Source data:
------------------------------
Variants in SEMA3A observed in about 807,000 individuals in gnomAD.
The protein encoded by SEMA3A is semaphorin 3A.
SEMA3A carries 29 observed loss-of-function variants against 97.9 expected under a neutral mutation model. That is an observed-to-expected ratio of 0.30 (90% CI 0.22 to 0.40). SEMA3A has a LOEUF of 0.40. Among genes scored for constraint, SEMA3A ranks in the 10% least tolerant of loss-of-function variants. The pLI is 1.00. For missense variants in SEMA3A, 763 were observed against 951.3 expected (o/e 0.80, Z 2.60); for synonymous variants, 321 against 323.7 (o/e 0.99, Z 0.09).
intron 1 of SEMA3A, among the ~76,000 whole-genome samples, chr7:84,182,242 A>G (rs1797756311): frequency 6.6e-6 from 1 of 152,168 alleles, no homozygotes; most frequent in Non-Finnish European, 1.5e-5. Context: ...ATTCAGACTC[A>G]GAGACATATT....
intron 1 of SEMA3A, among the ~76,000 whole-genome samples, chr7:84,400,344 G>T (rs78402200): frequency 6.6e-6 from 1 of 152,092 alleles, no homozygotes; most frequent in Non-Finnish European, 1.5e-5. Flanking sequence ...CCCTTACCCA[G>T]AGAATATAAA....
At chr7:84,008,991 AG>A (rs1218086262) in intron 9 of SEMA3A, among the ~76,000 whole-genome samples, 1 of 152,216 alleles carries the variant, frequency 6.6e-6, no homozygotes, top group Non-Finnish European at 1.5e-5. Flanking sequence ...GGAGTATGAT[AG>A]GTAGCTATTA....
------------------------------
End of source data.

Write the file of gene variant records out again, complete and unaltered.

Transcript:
Variants in SEMA3A observed in about 807,000 individuals in gnomAD.
The protein encoded by SEMA3A is semaphorin 3A.
SEMA3A carries 29 observed loss-of-function variants against 97.9 expected under a neutral mutation model. That is an observed-to-expected ratio of 0.30 (90% CI 0.22 to 0.40). SEMA3A has a LOEUF of 0.40. Among genes scored for constraint, SEMA3A ranks in the 10% least tolerant of loss-of-function variants. The pLI is 1.00. For missense variants in SEMA3A, 763 were observed against 951.3 expected (o/e 0.80, Z 2.60); for synonymous variants, 321 against 323.7 (o/e 0.99, Z 0.09).
intron 1 of SEMA3A, among the ~76,000 whole-genome samples, chr7:84,182,242 A>G (rs1797756311): frequency 6.6e-6 from 1 of 152,168 alleles, no homozygotes; most frequent in Non-Finnish European, 1.5e-5. Context: ...ATTCAGACTC[A>G]GAGACATATT....
intron 1 of SEMA3A, among the ~76,000 whole-genome samples, chr7:84,400,344 G>T (rs78402200): frequency 6.6e-6 from 1 of 152,092 alleles, no homozygotes; most frequent in Non-Finnish European, 1.5e-5. Flanking sequence ...CCCTTACCCA[G>T]AGAATATAAA....
At chr7:84,008,991 AG>A (rs1218086262) in intron 9 of SEMA3A, among the ~76,000 whole-genome samples, 1 of 152,216 alleles carries the variant, frequency 6.6e-6, no homozygotes, top group Non-Finnish European at 1.5e-5. Flanking sequence ...GGAGTATGAT[AG>A]GTAGCTATTA....